BioMed Research International

BioMed Research International / 2021 / Article

Research Article | Open Access

Volume 2021 |Article ID 9925802 | https://doi.org/10.1155/2021/9925802

Magdalena Pieniążek, Grzegorz Mańko, Michał Spieszny, Jan Bilski, Wojciech Kurzydło, Tadeusz Ambroży, Jarosław Jaszczur-Nowicki, "Body Balance and Physiotherapy in the Aquatic Environment and at a Gym", BioMed Research International, vol. 2021, Article ID 9925802, 9 pages, 2021. https://doi.org/10.1155/2021/9925802

Body Balance and Physiotherapy in the Aquatic Environment and at a Gym

Academic Editor: Jean C. de Mauroy
Received02 Apr 2021
Accepted14 Jun 2021
Published22 Jun 2021

Abstract

The increase in the average age of our society represents a growing medical and social problem, which requires concentration on the issue concerning balance disorders. The aquatic environment has a number of complex properties that have miscellaneous effects on the human body. In the light of the above, water is becoming an ideal environment to learn correct neuromuscular communication, and a properly prepared training session in water helps to practice balance and movement coordination. The objective of the study was to assess the impact of rehabilitation in the aquatic environment on patients’ balance and compare the results obtained with patients who received rehabilitation at a gym. The study was carried out among patients hospitalised in the “Krzeszowice” Rehabilitation Centre. It encompassed 137 patients, randomly assigned to either the study group (the aquatic environment) or the control group (the gym). The preliminary examination included general medical history and a test on the stabilometric platform. The patients attended training sessions for 4 weeks, 5 times a week for 30 minutes. It was a single-blinded study wherein the authors did not know which group a given patient had been assigned to. Upon completion of a monthly therapy, the stabilometric test was carried out again. The study revealed that the patients from both groups experienced a significant improvement in balance. However, the improvement was slightly greater in those exercising in the pool. Physiotherapy in the aquatic environment makes a greater contribution to the improvement of body balance compared to physical exercises performed at a gym.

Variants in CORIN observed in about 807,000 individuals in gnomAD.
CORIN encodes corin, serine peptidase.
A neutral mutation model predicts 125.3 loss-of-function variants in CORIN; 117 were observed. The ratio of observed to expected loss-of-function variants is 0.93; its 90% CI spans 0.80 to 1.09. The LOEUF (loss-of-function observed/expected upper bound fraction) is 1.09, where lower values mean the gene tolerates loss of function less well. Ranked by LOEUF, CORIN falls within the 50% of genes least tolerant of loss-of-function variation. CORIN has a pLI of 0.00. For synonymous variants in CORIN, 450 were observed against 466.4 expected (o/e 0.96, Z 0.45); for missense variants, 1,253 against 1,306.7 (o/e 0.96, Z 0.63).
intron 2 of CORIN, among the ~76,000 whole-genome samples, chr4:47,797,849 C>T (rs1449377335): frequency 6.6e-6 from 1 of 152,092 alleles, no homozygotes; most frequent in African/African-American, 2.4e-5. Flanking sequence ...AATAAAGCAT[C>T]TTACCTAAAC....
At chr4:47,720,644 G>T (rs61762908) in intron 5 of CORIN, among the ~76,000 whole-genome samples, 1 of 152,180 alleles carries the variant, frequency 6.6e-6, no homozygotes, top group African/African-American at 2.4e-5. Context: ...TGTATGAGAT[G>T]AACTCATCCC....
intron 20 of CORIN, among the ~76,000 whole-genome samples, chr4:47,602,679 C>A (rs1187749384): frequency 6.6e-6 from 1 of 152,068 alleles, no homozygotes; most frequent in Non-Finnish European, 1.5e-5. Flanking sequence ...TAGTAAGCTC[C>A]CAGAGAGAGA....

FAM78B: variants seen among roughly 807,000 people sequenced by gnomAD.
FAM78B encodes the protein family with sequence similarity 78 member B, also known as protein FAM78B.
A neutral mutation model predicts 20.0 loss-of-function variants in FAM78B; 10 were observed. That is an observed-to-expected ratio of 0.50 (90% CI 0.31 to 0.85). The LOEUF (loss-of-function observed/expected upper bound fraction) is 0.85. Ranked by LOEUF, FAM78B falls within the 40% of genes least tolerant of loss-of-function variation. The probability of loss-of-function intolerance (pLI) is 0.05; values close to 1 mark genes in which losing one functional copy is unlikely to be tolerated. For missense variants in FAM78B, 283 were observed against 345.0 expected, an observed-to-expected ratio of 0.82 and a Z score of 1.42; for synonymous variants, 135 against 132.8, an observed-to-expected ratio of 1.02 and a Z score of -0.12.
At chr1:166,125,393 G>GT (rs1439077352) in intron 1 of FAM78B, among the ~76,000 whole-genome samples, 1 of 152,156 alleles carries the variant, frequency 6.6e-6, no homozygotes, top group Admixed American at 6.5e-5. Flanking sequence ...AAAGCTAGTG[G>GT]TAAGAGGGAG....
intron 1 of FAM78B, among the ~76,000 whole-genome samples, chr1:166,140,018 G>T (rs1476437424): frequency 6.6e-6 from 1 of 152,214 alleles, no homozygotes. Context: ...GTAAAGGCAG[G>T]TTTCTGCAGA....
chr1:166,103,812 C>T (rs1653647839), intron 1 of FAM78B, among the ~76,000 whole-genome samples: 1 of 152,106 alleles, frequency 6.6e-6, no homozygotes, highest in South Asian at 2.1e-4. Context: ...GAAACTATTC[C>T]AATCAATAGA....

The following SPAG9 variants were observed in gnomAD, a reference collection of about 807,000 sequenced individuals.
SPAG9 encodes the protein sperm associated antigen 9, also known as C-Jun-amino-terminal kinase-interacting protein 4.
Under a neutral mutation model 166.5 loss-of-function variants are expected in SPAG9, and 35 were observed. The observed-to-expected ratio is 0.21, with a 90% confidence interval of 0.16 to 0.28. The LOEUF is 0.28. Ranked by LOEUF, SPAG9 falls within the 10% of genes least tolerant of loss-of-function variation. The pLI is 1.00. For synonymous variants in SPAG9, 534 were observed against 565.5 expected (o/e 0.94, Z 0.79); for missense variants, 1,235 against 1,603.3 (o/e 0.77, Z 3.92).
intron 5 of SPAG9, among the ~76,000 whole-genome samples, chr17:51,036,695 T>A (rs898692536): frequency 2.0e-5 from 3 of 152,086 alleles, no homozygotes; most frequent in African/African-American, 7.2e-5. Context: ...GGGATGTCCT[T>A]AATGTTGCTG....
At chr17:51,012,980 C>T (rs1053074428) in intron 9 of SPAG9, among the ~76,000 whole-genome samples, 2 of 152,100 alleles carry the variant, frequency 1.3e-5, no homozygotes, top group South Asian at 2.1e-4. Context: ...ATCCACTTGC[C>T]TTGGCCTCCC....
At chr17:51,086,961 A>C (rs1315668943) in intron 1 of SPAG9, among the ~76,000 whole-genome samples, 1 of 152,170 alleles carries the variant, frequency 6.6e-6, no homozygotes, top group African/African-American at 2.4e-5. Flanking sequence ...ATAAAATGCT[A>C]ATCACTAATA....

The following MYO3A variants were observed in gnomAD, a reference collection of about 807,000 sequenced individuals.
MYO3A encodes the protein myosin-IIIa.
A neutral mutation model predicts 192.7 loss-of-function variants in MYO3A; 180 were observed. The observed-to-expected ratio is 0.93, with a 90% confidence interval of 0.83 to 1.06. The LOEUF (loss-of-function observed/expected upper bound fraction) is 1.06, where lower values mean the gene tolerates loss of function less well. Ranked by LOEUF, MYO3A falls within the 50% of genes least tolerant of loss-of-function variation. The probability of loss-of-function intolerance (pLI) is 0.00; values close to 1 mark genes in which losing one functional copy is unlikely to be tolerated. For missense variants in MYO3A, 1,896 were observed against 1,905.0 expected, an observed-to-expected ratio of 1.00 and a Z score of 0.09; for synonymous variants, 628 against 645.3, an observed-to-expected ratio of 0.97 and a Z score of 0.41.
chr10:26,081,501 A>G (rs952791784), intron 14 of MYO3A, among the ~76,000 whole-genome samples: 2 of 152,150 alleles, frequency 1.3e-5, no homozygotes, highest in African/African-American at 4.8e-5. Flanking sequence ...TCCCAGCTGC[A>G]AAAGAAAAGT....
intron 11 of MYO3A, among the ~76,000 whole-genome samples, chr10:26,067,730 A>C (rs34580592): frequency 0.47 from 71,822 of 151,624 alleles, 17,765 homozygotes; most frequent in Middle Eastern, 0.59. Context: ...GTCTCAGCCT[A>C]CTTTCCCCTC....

1. Introduction

The increase in the average age of our society [1] represents a growing medical and social problem, as well as requires concentration on the issue concerning balance disorders, also connected with common chronic spine problems [2]. Deep sensation, also termed proprioception, is a sensory function which allows us to precisely and consciously determine the position of our body in space. As a result, we are able—without visual control—to identify the movement of one body part against the other, as well as define the position of our limb and the degree of muscle tension or stretching. Thanks to the receptors of deep sensation, the force of muscle contraction is adequate for the increased reflexive muscle strain. They send information to which the body responds with appropriate tension or a quick change in muscle length. Depending on the type of receptors, they are stimulated from the initial to the final stage of movement while increasing the speed and direction of movement, or they are related to feeling the position of muscles and joints, ensuring a proper sequence of tissue contraction, stabilisation of adequate joints, and protection of a muscle against damage due to excessive stretching. These receptors make it possible to perform even very complex and quick movements [3].

The favourable conditions of the aquatic environment allow for producing multidimensional and multifaceted effects on the patient. The therapeutic effects on the human body result from the specific properties of the aquatic environment, including the hydrostatic pressure, viscosity, upthrust, and the thermal factor. A very important mechanical factor was the phenomenon of buoyancy (upthrust). According to Archimedes’ principle, the buoyancy force acts vertically upwards, opposite to the force of gravity. Consequently, the resultant forces acting on the human body immersed in water are smaller from its weight on the ground and dependent on the depth of immersion. Weakened muscles may undergo an effective exercise session with considerably lower strain [4]. The buoyancy of water minimises the incidence of injuries during exercise, thereby making the patients feel more confident and secure despite the more challenging environment [5]. The aquatic environment was already described over two decades ago as the one that induces increased afferent stimulation caused by the skin-water contact. As a result, patients are less fearful and more confident of their movements, and activity in water may facilitate vestibular inputs [6].